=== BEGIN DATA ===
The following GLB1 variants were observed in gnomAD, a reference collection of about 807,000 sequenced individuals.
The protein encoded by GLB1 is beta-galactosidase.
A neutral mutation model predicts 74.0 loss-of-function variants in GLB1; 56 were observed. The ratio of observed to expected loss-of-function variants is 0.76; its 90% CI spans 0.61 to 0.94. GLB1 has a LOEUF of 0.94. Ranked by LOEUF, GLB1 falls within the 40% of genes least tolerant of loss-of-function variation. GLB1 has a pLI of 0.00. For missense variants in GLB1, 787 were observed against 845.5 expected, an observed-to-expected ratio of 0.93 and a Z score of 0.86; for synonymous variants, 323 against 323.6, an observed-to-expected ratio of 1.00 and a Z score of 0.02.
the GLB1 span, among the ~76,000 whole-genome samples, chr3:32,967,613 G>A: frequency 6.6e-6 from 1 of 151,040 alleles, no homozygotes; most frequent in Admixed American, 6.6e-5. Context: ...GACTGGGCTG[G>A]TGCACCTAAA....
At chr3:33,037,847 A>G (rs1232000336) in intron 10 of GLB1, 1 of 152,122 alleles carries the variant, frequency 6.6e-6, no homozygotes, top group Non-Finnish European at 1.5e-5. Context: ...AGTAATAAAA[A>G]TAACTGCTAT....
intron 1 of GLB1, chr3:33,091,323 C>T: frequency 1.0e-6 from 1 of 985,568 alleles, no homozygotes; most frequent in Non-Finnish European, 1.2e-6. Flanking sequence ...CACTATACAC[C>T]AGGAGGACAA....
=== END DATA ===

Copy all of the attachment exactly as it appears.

The following GLB1 variants were observed in gnomAD, a reference collection of about 807,000 sequenced individuals.
The protein encoded by GLB1 is beta-galactosidase.
A neutral mutation model predicts 74.0 loss-of-function variants in GLB1; 56 were observed. The ratio of observed to expected loss-of-function variants is 0.76; its 90% CI spans 0.61 to 0.94. GLB1 has a LOEUF of 0.94. Ranked by LOEUF, GLB1 falls within the 40% of genes least tolerant of loss-of-function variation. GLB1 has a pLI of 0.00. For missense variants in GLB1, 787 were observed against 845.5 expected, an observed-to-expected ratio of 0.93 and a Z score of 0.86; for synonymous variants, 323 against 323.6, an observed-to-expected ratio of 1.00 and a Z score of 0.02.
the GLB1 span, among the ~76,000 whole-genome samples, chr3:32,967,613 G>A: frequency 6.6e-6 from 1 of 151,040 alleles, no homozygotes; most frequent in Admixed American, 6.6e-5. Context: ...GACTGGGCTG[G>A]TGCACCTAAA....
At chr3:33,037,847 A>G (rs1232000336) in intron 10 of GLB1, 1 of 152,122 alleles carries the variant, frequency 6.6e-6, no homozygotes, top group Non-Finnish European at 1.5e-5. Context: ...AGTAATAAAA[A>G]TAACTGCTAT....
intron 1 of GLB1, chr3:33,091,323 C>T: frequency 1.0e-6 from 1 of 985,568 alleles, no homozygotes; most frequent in Non-Finnish European, 1.2e-6. Flanking sequence ...CACTATACAC[C>T]AGGAGGACAA....